What Information Must I Provide?
How Will My Application Be Processed?
Applications qualifying for general certification: An application will first be reviewed for completeness. Projects proposing to minimally affect waters of the state can often be authorized by pre-determined general certifications of U.S. Army Corps of Engineers Nationwide Permits. Pre-determined impact thresholds and conditions have been established and are specific to the nature of the proposed activity. If the proposed activity qualifies for coverage under a general certification, the work can be authorized by letter (General Water Quality Certification) upon review and acceptance of the plans, if requested by the applicant. An activity may be granted coverage under a general certification, or the activity may be denied coverage. If a proposed activity does not meet the conditions of a general certification, the application must be processed as an individual certification.
Individual certification applications: When the proposed activity does not qualify for coverage under a general certification, an individual water quality certification is required. Projects requiring an individual Water Quality Certification are typically larger scale projects which exceed the conditions and/or thresholds listed within the general certifications. Once the division receives an application, a technical review is performed to determine if additional information is needed. If the application is not complete, the applicant is notified of any deficiencies and asked to respond within a defined period. Once the application is deemed complete, applications are posted to a 30-day public notice period on the Division of Water web site and a copy of the public notice posting is also emailed to persons on our mailing list. This posting does not signal the Division’s intent to issue or deny a certification; it is only a notice that the application is being considered for certification. After public review and final supervisory review, a certification is issued or denied. Certifications are valid for the time required to complete the activity, usually one (1) year. Processing time can vary depending upon such things as the complexity of the activity or impact, the level of public interest, applicant cooperation, the quality or value of the waters to be affected, etc.
What Are My Rights And Responsibilities After The Permit Is Issued?
The permittee has the right to proceed with permitted activities. The permits are transferable but only upon written notification to the division. Minor modifications to the permit can be made administratively. If an extension is necessary, the applicant must reapply with the division. The applicant is responsible for complying with conditions and requirements as stated in the certification. These requirements and conditions are specific to the activity and may include periodic monitoring and inspections by the applicant. In addition, the applicant is responsible for obtaining any associated federal and state permits.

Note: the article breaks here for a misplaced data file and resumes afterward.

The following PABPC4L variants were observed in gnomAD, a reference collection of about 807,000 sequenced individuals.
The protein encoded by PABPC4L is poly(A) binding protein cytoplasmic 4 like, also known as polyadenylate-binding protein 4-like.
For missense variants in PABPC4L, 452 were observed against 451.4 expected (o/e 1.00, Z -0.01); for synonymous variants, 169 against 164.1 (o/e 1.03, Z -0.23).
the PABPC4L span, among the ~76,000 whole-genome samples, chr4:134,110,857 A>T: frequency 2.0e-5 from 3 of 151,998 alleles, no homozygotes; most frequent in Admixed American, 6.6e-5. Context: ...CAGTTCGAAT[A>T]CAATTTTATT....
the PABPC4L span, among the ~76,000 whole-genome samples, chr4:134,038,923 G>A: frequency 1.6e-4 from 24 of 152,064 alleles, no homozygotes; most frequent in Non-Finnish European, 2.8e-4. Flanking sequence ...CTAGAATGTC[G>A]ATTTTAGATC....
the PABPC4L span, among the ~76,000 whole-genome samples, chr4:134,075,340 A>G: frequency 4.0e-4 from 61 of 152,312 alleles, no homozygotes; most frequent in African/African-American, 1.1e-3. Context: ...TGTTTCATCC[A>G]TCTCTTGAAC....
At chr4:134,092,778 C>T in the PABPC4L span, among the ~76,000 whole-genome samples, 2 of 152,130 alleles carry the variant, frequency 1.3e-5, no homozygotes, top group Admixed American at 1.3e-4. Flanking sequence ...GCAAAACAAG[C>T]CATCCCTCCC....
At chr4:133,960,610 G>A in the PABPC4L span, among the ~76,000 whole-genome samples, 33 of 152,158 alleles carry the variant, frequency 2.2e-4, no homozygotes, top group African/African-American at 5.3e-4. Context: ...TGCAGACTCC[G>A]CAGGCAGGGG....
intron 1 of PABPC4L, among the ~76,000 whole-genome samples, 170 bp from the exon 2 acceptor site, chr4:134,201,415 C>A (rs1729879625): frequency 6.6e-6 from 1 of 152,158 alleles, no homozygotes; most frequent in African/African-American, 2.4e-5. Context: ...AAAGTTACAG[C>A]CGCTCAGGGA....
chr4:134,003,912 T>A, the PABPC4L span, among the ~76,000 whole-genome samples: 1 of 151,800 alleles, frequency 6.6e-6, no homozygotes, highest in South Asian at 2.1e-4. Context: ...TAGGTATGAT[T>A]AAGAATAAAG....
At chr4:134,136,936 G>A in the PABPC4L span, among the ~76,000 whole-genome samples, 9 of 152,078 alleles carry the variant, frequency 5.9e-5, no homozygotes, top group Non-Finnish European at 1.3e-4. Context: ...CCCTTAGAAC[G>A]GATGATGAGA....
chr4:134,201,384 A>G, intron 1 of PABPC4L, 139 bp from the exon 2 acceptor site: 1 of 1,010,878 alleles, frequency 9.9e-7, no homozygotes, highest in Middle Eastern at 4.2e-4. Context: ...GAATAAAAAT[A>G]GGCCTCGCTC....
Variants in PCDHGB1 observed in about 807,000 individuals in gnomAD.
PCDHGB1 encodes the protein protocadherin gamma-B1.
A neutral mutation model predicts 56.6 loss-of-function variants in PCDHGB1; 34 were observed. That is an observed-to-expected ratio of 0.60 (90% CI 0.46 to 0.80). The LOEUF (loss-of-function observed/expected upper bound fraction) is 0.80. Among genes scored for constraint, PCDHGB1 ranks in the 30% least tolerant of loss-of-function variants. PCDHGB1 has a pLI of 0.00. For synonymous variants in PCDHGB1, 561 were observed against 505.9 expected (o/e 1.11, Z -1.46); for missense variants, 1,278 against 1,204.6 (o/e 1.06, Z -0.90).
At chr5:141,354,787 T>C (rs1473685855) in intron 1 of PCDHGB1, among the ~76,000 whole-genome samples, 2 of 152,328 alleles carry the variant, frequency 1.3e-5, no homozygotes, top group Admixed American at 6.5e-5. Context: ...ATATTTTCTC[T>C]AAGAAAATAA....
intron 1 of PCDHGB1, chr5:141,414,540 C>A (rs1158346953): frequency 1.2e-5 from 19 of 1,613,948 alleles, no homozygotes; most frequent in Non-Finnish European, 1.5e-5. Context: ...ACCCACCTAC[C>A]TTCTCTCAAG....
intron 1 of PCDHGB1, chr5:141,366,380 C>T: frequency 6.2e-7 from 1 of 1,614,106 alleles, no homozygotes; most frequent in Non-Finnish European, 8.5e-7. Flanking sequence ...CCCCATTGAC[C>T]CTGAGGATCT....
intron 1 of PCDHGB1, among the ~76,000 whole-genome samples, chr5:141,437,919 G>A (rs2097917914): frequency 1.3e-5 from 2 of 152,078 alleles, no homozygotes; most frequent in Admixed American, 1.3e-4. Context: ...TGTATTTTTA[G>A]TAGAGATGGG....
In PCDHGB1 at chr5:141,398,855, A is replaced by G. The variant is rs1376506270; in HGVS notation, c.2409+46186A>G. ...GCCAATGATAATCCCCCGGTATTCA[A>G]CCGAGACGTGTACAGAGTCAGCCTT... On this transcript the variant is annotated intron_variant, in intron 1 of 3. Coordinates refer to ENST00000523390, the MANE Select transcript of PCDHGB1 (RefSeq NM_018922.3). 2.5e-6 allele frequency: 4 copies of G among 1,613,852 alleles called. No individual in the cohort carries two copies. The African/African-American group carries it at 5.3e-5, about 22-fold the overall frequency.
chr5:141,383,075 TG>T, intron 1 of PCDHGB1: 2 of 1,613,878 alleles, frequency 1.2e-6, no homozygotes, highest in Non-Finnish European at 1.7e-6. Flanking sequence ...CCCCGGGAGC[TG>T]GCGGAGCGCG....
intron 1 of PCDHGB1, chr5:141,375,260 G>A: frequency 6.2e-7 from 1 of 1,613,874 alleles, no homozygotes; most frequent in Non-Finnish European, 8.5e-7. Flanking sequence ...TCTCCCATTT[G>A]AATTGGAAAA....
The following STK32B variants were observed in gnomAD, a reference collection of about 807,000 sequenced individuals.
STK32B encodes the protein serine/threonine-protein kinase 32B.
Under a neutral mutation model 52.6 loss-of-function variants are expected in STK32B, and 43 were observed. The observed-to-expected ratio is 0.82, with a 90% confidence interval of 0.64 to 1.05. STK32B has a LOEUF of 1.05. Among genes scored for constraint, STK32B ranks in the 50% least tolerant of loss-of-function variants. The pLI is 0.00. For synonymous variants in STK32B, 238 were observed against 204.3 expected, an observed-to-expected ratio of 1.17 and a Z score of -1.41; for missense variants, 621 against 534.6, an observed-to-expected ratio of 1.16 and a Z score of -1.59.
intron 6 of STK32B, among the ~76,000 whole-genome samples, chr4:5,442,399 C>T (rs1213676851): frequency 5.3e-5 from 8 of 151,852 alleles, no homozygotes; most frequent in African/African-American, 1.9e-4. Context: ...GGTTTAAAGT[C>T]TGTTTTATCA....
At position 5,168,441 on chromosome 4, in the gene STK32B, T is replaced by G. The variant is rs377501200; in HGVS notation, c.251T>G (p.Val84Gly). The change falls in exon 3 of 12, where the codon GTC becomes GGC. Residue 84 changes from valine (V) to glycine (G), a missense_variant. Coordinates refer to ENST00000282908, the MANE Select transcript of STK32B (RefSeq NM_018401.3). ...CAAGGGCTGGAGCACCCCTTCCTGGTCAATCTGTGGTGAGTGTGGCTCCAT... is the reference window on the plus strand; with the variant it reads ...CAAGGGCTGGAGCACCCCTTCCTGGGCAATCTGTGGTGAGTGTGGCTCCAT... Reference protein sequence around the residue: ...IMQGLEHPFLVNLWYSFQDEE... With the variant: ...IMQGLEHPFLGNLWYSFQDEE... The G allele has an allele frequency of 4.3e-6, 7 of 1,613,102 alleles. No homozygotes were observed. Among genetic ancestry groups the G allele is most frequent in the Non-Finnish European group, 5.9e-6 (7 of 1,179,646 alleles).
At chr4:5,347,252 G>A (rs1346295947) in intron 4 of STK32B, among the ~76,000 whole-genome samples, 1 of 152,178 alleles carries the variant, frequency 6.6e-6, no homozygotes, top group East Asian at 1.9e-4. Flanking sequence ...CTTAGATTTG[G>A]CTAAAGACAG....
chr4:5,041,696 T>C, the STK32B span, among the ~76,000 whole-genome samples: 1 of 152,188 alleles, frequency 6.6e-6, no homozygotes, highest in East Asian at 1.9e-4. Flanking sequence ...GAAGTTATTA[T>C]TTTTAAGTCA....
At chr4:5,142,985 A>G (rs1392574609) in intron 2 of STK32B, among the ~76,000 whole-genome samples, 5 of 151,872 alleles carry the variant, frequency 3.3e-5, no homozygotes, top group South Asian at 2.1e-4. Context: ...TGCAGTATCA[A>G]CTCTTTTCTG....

What Are The Division's Rights And Responsibilities After The Certification Is Issued?
The Kentucky Division of Water has the responsibility to ensure the discharge will not violate Kentucky's water quality standards. The Division has the right to inspect the site when deemed necessary. It also has the right to revoke, suspend or modify any certification for violation of certification conditions and any other provisions of the Clean Water Act. The waters of Kentucky are the property of the state and are held in public trust for the use of the people of the state, and the people of Kentucky, as beneficiaries of this trust, have a right to unpolluted waters. In the exercise of its public trust over the waters of the state, the division must take all prudent steps to protect for the future use of the waters so that the water resources of Kentucky might be used and enjoyed to the fullest extent consistent with the maintenance of unpolluted waters.
Water Quality Certification for Surface Coal Mining Operations
The Department for Natural Resources reviews applications for Clean Water Act Section 401 Water Quality Certification (401 WQC) associated with activities related to surface coal mining operations. Examples include, but are not limited to, surface coal mining operations, improvements to local roads for the purposes of hauling coal, restoration of abandoned mine lands and off-site stream or wetland restoration activities intended solely to offset impacts resulting from surface coal mine activities. Visit the Department for Natural Resources Web site for further information on this process.